The Purge Expands • Arrests were not limited to Party members. • Millions of ordinary citizens were accused. • Historian Donald Treadgold writes: “orders went out to the
secret police to arrest a certain percentage of the whole population varying slightly from district to district. It has been estimated that eight million people were arrested, and the actual total may be higher still.” To this total one must include those who Stalin eliminated by other means – through murder or suicide.
Willing Confessions • What astounded the outside world was the readiness of purge victims to confess to even the most ridiculous accusations. • Independent investigations showed many charges to be “physically impossible, meeting at hotels long since dismantled, landing at airports where no such planes has landed and so forth.”
Confessions • Confessions were also drawn out by torture – both mental and physical. • Some honestly believed that confessions might bring pardons or lighter sentences – though it soon became clear that prosecutor Vyshinsky’s call to the courts to “shoot the mad dogs” was invariably accepted. Purge document signed by Stalin and others.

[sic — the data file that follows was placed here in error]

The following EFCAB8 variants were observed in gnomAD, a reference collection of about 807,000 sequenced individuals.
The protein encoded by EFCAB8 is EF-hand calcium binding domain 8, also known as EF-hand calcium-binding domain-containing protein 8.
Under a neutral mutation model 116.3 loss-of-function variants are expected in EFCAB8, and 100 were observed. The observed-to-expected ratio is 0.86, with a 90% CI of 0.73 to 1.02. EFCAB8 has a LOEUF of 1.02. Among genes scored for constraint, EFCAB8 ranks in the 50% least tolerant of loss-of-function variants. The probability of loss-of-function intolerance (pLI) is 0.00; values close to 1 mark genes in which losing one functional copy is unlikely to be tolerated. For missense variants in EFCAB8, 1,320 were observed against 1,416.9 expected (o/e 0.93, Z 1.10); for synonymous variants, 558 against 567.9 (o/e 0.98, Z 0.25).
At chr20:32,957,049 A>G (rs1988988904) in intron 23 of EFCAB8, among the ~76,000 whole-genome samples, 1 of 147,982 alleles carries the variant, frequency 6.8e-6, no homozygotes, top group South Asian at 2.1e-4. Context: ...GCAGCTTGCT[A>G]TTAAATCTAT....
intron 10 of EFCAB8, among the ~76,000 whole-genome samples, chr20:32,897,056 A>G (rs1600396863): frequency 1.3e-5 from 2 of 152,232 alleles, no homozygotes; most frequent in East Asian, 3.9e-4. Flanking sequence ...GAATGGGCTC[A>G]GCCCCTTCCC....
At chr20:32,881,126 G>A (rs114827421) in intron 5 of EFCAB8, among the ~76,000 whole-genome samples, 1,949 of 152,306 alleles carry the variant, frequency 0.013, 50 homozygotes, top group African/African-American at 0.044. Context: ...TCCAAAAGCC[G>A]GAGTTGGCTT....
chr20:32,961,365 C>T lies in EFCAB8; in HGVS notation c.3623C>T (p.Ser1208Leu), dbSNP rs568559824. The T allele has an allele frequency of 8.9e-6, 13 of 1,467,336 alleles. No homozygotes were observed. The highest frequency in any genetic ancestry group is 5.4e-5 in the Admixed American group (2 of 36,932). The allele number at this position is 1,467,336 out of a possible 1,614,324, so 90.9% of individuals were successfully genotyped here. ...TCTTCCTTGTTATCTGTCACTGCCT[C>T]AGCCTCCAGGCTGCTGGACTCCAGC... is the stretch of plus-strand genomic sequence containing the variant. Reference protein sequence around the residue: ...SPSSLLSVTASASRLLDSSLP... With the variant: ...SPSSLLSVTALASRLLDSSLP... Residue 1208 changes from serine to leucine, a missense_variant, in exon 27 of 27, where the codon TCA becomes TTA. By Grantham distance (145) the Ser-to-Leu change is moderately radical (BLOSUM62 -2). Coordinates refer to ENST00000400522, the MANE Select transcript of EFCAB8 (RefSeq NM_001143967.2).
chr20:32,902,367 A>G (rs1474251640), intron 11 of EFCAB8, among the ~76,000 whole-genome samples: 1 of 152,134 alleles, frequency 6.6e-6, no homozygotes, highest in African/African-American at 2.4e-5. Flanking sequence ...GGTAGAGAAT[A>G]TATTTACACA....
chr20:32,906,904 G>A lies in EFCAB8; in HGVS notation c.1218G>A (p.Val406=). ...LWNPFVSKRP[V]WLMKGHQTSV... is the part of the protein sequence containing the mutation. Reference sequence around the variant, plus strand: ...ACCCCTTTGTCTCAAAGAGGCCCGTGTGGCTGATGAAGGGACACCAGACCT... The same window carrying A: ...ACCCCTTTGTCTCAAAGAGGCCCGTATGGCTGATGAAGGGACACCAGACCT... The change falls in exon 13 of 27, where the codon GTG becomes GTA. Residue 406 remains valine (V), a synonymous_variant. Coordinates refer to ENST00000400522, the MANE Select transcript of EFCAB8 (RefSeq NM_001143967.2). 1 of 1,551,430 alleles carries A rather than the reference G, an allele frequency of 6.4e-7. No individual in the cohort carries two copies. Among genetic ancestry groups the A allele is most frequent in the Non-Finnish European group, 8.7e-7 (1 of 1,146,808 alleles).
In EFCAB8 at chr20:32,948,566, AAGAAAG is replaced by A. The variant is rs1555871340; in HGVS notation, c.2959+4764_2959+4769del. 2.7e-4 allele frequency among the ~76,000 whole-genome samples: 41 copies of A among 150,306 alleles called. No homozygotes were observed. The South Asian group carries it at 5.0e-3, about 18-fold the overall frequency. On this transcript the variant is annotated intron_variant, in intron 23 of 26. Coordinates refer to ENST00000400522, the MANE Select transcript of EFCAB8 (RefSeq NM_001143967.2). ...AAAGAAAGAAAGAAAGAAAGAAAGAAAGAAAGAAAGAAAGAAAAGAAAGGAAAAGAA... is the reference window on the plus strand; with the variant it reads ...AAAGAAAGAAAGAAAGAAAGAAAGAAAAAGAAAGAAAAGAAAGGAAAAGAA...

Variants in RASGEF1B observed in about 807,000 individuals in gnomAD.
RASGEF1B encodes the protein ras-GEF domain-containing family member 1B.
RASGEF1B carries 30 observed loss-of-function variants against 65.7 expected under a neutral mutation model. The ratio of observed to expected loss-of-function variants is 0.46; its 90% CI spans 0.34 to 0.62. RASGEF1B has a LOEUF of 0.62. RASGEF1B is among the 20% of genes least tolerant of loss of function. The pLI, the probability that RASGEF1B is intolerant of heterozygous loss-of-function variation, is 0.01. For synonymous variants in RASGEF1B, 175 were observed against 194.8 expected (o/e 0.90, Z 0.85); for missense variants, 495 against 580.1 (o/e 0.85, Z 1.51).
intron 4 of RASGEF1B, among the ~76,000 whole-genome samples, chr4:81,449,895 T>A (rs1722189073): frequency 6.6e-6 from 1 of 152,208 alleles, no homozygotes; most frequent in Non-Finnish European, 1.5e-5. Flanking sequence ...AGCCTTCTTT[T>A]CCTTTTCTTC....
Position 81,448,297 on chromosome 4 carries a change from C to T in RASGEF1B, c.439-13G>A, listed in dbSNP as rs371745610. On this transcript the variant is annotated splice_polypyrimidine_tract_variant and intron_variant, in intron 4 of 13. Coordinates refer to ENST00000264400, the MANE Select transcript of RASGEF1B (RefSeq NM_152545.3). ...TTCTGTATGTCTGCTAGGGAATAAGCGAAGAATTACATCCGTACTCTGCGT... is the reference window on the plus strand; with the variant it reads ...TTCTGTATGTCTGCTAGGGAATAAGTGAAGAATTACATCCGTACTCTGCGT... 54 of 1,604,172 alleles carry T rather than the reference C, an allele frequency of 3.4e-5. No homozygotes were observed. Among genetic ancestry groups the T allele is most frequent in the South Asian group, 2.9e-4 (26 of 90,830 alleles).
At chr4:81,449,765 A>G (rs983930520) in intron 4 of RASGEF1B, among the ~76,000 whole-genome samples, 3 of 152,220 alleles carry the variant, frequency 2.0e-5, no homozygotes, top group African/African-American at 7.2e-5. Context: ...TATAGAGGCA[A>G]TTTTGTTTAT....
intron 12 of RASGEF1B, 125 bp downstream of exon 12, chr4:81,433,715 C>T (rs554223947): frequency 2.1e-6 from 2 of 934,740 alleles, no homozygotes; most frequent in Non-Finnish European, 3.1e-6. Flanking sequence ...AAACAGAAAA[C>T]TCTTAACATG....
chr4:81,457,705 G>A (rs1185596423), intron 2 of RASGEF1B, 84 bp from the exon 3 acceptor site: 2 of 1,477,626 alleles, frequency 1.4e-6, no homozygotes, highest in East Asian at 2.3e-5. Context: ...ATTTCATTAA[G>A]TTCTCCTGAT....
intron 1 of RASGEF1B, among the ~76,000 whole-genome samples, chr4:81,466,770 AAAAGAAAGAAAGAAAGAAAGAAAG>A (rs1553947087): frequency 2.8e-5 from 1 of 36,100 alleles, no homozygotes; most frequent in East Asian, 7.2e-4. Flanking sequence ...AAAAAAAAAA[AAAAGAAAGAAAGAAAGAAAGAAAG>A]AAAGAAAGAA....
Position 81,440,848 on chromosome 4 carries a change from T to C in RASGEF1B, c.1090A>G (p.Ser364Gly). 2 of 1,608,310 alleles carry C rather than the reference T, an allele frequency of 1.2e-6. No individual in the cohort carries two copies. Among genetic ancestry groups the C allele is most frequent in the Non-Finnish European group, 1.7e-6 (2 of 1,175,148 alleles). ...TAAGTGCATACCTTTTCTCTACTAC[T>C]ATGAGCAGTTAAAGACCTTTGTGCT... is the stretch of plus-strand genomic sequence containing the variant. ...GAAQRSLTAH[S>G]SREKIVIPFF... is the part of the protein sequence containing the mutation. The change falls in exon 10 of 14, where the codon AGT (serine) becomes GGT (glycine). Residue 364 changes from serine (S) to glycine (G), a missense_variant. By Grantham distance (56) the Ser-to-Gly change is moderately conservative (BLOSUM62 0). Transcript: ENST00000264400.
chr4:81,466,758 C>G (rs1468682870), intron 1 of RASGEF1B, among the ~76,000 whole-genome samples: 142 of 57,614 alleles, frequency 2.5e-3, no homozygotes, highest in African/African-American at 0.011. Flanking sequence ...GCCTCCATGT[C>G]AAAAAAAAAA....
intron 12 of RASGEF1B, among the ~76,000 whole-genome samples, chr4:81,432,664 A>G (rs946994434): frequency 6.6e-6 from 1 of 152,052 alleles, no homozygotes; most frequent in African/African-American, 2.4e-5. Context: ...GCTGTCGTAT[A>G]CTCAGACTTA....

• Some may have felt that confessions would save their families.
Confessions • For some, it was a final service to the Party. • Perhaps they would be the last scapegoats, saving their party and country from further bloodshed. • Perhaps this was a necessary historical phase, despite unfairness to the individual.
Zinoviev’s arrest photograph
Confessions • As novelist Arthur Koestler suggests in his novel Darkness at Noon, “they were too deeply entangled in their own past, caught in the web they had spun themselves, according to the laws of their own twisted ethics and twisted logic: they were all guilty, although not of these deeds of which they accused themselves.
The Unrepentant • For those who would not confess, there were secret trials or even simply executions without trial. • This was the fate of some civilians and all of the military leaders.
The Truth? • Was there any truth to the confessions? – In almost all cases there was no objective truth. – They were tried on trumped up charges of which they were innocent. Stalin’s biographer, Isaac Deutscher noted: “They may want to overthrow me in a crisis – I shall charge them with having already made the attempt.”